Attacks on Christians in Indonesia provoke concern.

By January 10, 2006

Indonesia (MNN)–There are fears that attacks against Indonesia’s minority Christians are on the rise.

A New Year’s bomb blast in a Christian region reignited fears of more sectarian bloodshed, despite assurances from the government and military.

The Indonesian government responded to that attack by deploying troops nationwide to protect national churches as well as tourist attractions.

While many of the 90-percent Muslim majority practice religious tolerance, Open Doors Ministries’ Carl Moeller says the trouble comes from a militant minority. “In most cases, we see that the Muslim fundamentalists are claiming that Christianity is growing too fast and must be resisted with force. Sometimes they use political pressure to restrict the freedoms of Christians and sometimes they use violence.”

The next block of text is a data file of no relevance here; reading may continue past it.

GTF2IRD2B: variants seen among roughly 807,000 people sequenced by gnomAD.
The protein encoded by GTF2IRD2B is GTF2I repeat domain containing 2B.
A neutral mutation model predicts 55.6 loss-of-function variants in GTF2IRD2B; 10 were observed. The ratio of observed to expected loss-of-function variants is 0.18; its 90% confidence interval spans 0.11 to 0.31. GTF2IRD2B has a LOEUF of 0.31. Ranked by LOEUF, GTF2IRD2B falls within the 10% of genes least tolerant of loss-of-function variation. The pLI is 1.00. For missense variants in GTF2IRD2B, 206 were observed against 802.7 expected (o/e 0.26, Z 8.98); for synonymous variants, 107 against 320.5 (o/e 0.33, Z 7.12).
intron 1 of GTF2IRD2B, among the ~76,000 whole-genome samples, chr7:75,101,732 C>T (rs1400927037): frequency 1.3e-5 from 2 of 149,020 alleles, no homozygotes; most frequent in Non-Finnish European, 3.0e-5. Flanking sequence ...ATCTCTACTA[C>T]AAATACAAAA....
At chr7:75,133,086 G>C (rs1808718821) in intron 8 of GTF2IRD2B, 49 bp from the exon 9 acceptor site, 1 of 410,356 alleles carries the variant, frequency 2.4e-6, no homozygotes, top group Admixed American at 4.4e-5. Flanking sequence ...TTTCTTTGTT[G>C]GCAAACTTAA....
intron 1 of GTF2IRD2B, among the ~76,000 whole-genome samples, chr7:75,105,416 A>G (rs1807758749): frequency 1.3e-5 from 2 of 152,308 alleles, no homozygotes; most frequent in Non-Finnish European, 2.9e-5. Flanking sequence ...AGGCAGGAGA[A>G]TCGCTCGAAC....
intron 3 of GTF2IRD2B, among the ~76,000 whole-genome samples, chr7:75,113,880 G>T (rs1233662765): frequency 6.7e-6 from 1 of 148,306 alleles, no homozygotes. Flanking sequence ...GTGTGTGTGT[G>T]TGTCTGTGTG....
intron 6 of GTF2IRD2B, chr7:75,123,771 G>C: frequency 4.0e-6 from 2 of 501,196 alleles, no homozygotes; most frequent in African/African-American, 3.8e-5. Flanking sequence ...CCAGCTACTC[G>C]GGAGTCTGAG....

Some Christians in Indonesia claim that the Christian church is growing rapidly and is actually 23 percent of the population and not the reported 12 percent. As for the potential of the ‘chilling effect’ on outreach, Moeller says their work hasn’t stopped. “But we’re understanding right now, the church is also stressed over these issues, both politically and emotionally.”

The one thing they can count on, Moeller believes, is that the situation will purify the church in Indonesia. “When persecution comes Christians must re-awaken their faith they must re-understand why they believe what they believe and whether or not they will suffer for Christ. We have seen growth in the church–we have seen this creating an environment for growth. But, we also recognize that it comes as a terrible price for the Christians that are there.”

Despite persecution, the December 26, 2004, tsunami which devastated Southeast Asia and Indonesia presented an opportunity for Christians in the stricken areas to reach out to their neighbors with the love of Christ.

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